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Sarah Kapnick

Research Physical Scientist

Deputy Division Leader: Seasonal to Decadal Variability and Predictability Division

Curriculum vitae


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Contact Information:

phone (609) 452-6548


Sarah Kapnick

Sarah Kapnick’s research focuses on the mechanisms controlling the hydroclimate, with an emphasis on: precipitation, extreme storms, mountain snowpack, and climate finance. Dr. Kapnick’s work answers questions about current weather and deviations in the climate system relating to the water cycle, which can result in mitigable disruptions, and thus are paramount to resource planning and development. Dr. Kapnick’s research utilizes “big data” from both observations and models, to understand how the climate system has varied in the past and present, and what we might expect in the future.

Dr. Kapnick received her undergraduate degree from Princeton University in Mathematics with a Certificate in Finance and her Ph.D. from UCLA’s Department in Atmospheric and Oceanic Sciences with a Certificate from the Institute of Environment and Sustainability. She is the recipient of the American Geophysical Union Cryosphere Section Early Career Award for 2015 and NOAA OAR Daniel L. Albritton Outstanding Science Communicator Award for 2017. She presently serves as an Associate Editor of Water Resources Research and Electorate Nominating Committee Member for the American Association for the Advancement of Science.

Recent Publications

  • Hurwitz M., Baxter S., Brown B, Carman J, Dale J, Draper C, Horsfall F, Hughes M, Gerth J, Kapnick SB, Olheiser C, Olsen M, Stachelski C, Vincent M, Webb R, Zdrojewski J, 2020: Six Priorities for Investment in Snow Research and Product Development. In Press at Bulletin of the American Meteorological Society. doi:10.1175/BAMS-D-20-0218.1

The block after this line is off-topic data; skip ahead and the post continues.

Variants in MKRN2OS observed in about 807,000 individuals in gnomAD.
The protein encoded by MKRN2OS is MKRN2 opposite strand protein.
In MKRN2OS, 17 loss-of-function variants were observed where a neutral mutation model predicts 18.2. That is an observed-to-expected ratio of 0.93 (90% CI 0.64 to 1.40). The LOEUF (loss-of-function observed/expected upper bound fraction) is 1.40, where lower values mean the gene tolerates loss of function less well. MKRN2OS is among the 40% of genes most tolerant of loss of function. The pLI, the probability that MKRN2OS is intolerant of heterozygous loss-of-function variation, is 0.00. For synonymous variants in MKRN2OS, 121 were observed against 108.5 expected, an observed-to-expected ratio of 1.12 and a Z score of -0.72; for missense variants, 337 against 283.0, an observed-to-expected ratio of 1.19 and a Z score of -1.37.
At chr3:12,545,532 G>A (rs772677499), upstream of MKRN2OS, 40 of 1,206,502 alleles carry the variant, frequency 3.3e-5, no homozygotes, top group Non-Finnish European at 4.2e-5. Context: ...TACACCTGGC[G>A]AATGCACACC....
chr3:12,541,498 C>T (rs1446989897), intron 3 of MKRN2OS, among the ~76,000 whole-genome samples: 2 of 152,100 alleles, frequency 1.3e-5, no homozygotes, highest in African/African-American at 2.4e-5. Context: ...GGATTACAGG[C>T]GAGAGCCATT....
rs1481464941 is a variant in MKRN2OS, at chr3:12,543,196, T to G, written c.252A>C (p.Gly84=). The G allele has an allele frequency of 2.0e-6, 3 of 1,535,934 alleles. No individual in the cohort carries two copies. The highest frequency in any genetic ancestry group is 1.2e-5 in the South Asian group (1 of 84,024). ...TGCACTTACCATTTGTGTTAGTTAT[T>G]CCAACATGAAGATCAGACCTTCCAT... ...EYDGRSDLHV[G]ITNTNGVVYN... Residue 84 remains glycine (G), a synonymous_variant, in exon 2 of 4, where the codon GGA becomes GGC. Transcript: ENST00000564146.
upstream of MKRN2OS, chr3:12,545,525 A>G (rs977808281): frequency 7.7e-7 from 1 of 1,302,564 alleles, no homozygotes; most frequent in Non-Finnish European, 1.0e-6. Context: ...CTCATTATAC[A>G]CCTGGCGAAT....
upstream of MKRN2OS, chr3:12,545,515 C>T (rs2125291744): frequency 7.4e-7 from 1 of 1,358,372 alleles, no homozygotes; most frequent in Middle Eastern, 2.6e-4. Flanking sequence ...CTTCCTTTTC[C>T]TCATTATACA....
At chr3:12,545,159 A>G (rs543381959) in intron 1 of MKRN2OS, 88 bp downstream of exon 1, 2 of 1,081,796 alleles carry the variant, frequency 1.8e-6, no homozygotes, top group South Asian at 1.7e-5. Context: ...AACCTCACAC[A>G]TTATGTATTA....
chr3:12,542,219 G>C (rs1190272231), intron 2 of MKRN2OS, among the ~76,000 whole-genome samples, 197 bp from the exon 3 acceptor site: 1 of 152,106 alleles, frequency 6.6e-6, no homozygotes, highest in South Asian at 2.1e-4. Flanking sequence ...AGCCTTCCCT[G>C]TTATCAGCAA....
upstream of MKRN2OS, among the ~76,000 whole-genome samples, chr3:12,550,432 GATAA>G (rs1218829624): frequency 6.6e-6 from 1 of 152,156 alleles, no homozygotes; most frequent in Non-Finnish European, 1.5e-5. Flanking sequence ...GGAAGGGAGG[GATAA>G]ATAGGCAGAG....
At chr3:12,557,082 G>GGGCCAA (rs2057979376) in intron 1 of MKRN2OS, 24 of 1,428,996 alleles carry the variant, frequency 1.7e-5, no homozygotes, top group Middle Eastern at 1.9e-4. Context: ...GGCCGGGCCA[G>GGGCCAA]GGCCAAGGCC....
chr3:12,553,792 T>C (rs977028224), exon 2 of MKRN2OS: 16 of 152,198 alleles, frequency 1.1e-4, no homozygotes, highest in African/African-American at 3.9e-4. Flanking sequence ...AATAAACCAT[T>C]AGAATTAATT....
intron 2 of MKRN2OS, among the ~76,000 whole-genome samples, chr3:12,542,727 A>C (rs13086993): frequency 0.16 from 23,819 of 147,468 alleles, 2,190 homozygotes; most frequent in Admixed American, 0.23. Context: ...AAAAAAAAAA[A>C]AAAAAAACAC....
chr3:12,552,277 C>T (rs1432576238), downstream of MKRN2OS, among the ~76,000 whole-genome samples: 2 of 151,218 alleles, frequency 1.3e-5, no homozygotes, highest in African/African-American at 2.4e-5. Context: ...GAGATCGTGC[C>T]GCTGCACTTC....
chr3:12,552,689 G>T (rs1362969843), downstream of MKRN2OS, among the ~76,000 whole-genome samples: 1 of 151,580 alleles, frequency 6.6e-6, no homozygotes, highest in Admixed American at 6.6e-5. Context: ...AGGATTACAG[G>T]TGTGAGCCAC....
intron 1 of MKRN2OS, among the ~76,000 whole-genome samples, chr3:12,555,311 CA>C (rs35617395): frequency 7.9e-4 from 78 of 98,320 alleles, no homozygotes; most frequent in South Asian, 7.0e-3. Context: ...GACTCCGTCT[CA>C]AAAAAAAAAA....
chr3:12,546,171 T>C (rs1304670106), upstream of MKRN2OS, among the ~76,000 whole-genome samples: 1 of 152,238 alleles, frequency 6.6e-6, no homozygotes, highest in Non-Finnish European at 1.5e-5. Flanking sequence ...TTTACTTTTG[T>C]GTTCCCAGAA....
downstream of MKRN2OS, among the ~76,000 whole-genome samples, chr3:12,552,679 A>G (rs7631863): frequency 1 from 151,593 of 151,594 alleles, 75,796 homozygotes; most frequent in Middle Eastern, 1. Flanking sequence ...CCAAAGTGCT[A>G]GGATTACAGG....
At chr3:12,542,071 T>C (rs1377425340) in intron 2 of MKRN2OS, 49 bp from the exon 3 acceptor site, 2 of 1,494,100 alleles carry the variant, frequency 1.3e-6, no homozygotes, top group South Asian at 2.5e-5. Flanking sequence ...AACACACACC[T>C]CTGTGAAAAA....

• Delworth TL, et al, 2020: SPEAR – the next generation GFDL modeling system for seasonal to multidecadal prediction and projection. Journal of Advances in Modeling Earth Systems, 10.1029/2019MS001895.
  • Kirschbaum DB, Kapnick SB, Stanley T, Pascale S, 2020: Changes in extreme precipitation and landslides over High Mountain Asia, Geophysical Research Letters, 47, e2019GL085347. doi:10.1029/2019GL085347. [NASA Story] [NOAA Story] [NASA Earth Observatory]
  • Johnson NC, Krishnamurthy L, Wittenberg AT, Xiang B, Vecchi GA, Kapnick SB, Pascale S, 2020: The impact of sea surface temperature biases on North American precipitation in a high-resolution climate model. Journal of Climate, 33, 2427-2447.
  • Qian Y, Murakami H, Hsu P-C, Kapnick SB, 2020: Effect of Anthropogenic Forcing and Natural Variability on the Occurrence of the 2018 Heatwave in Northeast Asia. [in “Explaining Extremes of 2018 from a Climate Perspective”]. Bulletin of the American Meteorological Society, 101 (1), S77-82, doi:10.1175/BAMS-D-19-0156.1.
  • Barcikowska MJ, Kapnick SB, Krishnamurty L, Russo S, Cherchi A, Folland C, 2020: Changes in the summer Mediterranean climate contribution of large scale dynamics and local factors. Earth System Dynamics, 11, 161-181.